Spring time is here and that means it’s time to get back outside and enjoy the great outdoors. One of our favorite ways to do this is to do some gardening. When you’re outside in your yard or garden, you’re going to run into lots of insects. However, unlike household pests, the vast majority of garden insects are actually harmless. And many of them are even beneficial to your flowers, vegetables, shrubs and other plants! However, there are a small number of garden pests out there, lurking in the weeds and waiting to destroy all your hard work. Today, we want to help you identify which insects are good for your garden and which ones are bad, how you can tell them apart and—most importantly—how you can get rid of the harmful pests without damaging your plants or killing any of the good insects.
Pollinators: there are all kinds of beneficial pollinators that live in our yards and gardens and help make them more beautiful. This includes bees, butterflies, dragonflies and more! Thankfully, it is easy to attract and encourage these types of insects. The pollinators in your area will be naturally attracted to the plants that grow there naturally—so do some research on native plants and make sure to include some of those. Other pollinator favorites include goldenrod, beebalm, sunflowers, coneflowers, honeysuckle and wheatgrass.
Ladybugs: we all know and love the ladybug, but did you know they’re actually great for your garden, too? They devour some of the most damaging garden pests, including aphids, multiple kinds of mites and the eggs of both. To attract ladybugs to your garden, grow lots of flowers and herbs that give them access to nectar. They are particularly attracted to daisies, dill and mint.
Leafhoppers: if you’re growing vegetables, leafhoppers are public enemy number one. They prefer potatoes, lettuce, peppers and beans and their toxic saliva leaves behind leaves that look burnt or shriveled. It also stunts plant growth. These insects are usually green, brown or yellow and often stripped. To prevent leafhoppers, make sure to remove weeds and leaf debris from your garden each fall (leafhoppers will hunker down in these plants throughout the winter and reemerge in the spring) and place garden nets over the vegetable plants usually targeted by leafhoppers. You can also encourage parasitic wasps which feed on leafhoppers.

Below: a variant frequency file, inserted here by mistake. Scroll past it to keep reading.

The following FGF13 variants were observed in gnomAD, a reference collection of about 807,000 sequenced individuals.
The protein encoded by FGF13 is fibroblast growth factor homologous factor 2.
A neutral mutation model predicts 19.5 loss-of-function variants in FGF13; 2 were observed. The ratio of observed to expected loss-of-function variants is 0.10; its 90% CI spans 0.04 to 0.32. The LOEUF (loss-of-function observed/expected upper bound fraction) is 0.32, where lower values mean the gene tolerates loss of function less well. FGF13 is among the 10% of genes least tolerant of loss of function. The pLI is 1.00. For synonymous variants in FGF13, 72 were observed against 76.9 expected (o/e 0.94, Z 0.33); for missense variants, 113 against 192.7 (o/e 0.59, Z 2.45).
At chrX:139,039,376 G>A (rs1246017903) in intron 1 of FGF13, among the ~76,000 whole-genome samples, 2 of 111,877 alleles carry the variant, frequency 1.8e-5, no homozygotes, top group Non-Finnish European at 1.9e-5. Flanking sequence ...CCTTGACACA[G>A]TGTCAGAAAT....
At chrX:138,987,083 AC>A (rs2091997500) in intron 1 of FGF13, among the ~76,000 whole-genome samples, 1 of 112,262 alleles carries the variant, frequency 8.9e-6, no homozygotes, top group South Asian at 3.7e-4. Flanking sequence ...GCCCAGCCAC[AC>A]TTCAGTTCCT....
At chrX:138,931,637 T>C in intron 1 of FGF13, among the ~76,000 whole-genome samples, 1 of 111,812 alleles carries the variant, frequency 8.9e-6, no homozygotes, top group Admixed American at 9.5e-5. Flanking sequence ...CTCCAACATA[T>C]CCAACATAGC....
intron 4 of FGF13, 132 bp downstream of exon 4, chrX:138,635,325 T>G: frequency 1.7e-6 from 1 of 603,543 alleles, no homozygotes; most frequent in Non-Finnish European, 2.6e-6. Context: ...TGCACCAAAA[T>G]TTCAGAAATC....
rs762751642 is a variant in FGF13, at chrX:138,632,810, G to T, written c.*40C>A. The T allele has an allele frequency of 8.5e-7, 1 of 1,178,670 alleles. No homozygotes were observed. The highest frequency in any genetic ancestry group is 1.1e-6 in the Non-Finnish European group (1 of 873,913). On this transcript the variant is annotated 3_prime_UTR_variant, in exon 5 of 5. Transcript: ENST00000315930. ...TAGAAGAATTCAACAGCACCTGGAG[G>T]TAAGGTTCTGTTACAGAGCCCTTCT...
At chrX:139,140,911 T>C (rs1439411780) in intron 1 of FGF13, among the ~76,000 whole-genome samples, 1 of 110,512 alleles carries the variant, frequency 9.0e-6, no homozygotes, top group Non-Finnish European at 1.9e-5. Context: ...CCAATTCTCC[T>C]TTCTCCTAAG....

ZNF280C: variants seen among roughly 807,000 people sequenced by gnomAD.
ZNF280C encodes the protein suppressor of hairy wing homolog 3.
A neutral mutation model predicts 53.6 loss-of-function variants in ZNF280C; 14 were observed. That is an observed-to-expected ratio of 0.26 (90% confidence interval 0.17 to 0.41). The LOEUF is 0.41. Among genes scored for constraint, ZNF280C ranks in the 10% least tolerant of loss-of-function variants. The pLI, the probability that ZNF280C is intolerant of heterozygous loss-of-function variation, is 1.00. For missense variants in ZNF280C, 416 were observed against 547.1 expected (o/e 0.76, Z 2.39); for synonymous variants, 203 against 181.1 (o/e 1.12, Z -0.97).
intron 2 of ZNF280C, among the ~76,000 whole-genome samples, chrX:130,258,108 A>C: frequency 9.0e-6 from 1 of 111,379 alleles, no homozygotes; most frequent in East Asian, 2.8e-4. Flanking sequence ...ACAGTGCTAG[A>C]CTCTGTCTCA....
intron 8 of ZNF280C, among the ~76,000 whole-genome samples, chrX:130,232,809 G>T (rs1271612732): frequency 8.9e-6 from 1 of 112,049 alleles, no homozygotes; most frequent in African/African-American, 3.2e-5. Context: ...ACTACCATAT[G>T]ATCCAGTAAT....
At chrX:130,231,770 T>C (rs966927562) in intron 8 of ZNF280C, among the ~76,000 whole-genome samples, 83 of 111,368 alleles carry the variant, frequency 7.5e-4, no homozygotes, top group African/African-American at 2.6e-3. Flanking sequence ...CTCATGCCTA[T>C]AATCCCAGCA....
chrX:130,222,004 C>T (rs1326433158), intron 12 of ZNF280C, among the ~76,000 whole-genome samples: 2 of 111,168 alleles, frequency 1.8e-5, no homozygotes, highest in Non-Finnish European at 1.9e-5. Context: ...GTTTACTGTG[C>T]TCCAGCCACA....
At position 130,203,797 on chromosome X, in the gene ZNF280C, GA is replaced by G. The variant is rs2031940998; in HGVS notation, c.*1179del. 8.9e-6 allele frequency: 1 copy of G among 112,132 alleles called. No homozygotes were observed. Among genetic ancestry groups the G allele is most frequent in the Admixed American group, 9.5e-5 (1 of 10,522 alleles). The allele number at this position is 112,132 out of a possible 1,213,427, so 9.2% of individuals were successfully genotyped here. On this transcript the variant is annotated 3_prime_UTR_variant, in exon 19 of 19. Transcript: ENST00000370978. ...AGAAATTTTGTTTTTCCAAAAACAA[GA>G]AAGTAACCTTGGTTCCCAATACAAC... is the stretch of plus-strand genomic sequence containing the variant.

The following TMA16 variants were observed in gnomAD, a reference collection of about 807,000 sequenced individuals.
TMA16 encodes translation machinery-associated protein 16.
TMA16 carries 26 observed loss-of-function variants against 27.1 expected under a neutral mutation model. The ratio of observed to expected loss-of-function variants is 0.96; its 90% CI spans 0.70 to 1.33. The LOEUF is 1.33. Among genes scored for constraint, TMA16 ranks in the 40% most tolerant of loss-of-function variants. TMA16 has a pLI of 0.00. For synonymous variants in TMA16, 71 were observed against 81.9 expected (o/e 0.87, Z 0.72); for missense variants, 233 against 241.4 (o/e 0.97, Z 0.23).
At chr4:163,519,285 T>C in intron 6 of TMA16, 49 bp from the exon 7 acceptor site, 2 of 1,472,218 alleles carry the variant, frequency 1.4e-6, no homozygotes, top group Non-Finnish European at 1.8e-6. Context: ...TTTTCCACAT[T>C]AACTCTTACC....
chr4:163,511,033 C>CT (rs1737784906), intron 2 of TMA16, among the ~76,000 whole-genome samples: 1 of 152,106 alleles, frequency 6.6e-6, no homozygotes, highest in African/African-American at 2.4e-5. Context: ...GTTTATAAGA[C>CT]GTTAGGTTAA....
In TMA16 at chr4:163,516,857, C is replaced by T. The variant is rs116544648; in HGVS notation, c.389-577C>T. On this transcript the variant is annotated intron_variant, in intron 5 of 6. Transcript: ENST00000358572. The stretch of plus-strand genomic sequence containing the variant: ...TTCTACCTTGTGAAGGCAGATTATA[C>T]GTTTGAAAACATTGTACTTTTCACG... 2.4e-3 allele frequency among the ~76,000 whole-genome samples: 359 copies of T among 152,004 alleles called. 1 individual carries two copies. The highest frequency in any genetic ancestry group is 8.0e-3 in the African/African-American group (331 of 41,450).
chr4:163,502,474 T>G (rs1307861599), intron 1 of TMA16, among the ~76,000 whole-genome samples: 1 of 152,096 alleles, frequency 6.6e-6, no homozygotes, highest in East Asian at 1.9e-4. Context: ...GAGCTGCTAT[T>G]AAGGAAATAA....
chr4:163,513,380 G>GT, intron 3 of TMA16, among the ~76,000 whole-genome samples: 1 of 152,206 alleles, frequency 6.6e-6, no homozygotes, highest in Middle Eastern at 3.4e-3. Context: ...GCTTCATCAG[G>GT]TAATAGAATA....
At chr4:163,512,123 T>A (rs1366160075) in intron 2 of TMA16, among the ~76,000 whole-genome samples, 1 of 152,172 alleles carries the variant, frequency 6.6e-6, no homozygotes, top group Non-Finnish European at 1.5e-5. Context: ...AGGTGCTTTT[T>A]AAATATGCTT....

Pepper Maggots: peppers are favored by new and experienced gardeners alike for their versatility and their ease of growing. However, pepper maggots can ruin all of that. These maggots are the larvae of a fly that lays eggs in the skin of the pepper, causing the pepper to change color prematurely and rot on the vine. While it is called a pepper maggot, these pests will target anything in the pepper family—including tomatoes and eggplants. The best way to handle pepper maggots is to prevent them altogether. You can hang fly traps above pepper plants to capture adult flies before they lay their eggs and make sure to remove any rotten tomatoes or peppers from your garden at the end of growing season to prevent maggots from developing in those.
Aphids: these are tiny, round insects which attach themselves to the undersides of plant leaves and feed on plant juices. They come in a variety of colors to match plant leaves and because of this, and their small size, can be hard to spot before an infestation has overtaken a plant. While a few aphids will not do too much damage, they reproduce quickly and a large infestation will quickly kill off plant leaves. You can avoid attracting aphids by keeping nitrogen levels low when fertilizing. If you notice they have accumulated on your plants, you can get rid of them by releasing insets that eat aphids—like ladybugs—or by spraying the plants with Neem Oil—which will also get rid of any fungal diseases.
While most of these bugs are content to stay in the garden, they will occasionally find their way inside. So if you need any help keeping any of these garden pests out of your home, or have any further questions about which ones are dangerous and which ones aren’t, contact the experts at Arrow Exterminators right away. We have trained pest control experts waiting to help you answer any pest control question that comes your way! You can also find us Facebook and Google+ for more pest prevention tips and tricks.
Common Garden Pests in Oklahoma
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